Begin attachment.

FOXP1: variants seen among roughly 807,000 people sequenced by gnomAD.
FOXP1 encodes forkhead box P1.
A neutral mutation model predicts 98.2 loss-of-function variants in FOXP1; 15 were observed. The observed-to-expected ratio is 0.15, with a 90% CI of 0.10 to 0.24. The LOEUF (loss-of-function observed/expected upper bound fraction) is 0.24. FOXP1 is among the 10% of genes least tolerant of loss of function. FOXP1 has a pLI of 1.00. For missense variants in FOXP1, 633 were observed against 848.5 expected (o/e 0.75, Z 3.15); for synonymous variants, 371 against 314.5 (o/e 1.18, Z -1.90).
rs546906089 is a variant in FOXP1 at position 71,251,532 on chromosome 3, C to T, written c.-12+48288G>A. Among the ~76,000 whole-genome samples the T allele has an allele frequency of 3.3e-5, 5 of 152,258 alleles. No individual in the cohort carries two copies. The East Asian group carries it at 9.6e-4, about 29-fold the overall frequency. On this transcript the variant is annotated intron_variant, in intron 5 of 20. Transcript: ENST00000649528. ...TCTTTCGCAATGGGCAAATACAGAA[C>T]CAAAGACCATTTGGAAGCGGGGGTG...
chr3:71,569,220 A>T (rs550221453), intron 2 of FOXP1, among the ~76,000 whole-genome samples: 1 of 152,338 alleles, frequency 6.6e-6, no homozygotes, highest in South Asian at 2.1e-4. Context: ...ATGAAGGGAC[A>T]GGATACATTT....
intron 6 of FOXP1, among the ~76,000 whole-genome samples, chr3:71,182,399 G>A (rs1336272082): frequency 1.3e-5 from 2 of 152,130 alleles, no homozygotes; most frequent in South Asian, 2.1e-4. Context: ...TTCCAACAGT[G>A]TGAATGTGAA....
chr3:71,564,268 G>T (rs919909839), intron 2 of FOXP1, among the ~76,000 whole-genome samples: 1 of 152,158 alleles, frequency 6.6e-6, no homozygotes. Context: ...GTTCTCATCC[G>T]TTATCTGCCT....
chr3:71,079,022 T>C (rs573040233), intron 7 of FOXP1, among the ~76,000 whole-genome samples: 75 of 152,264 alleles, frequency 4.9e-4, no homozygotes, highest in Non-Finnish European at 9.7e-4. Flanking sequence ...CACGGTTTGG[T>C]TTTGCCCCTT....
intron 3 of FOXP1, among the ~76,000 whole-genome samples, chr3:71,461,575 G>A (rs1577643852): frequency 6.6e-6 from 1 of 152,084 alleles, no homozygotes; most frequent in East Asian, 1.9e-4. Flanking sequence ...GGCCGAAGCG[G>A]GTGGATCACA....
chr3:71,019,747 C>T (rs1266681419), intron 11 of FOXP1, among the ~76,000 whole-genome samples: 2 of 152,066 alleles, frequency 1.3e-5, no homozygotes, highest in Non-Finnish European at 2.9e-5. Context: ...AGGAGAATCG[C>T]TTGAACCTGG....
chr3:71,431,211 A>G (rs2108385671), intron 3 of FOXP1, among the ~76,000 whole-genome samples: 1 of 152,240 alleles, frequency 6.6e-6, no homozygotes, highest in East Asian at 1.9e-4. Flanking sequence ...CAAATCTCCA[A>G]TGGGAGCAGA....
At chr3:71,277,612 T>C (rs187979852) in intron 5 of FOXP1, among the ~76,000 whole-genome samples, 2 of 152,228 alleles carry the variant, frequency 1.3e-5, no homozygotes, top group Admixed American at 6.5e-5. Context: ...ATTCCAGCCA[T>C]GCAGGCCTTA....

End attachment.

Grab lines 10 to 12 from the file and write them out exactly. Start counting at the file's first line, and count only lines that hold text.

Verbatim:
chr3:71,019,747 C>T (rs1266681419), intron 11 of FOXP1, among the ~76,000 whole-genome samples: 2 of 152,066 alleles, frequency 1.3e-5, no homozygotes, highest in Non-Finnish European at 2.9e-5. Context: ...AGGAGAATCG[C>T]TTGAACCTGG....
chr3:71,431,211 A>G (rs2108385671), intron 3 of FOXP1, among the ~76,000 whole-genome samples: 1 of 152,240 alleles, frequency 6.6e-6, no homozygotes, highest in East Asian at 1.9e-4. Flanking sequence ...CAAATCTCCA[A>G]TGGGAGCAGA....
At chr3:71,277,612 T>C (rs187979852) in intron 5 of FOXP1, among the ~76,000 whole-genome samples, 2 of 152,228 alleles carry the variant, frequency 1.3e-5, no homozygotes, top group Admixed American at 6.5e-5. Context: ...ATTCCAGCCA[T>C]GCAGGCCTTA....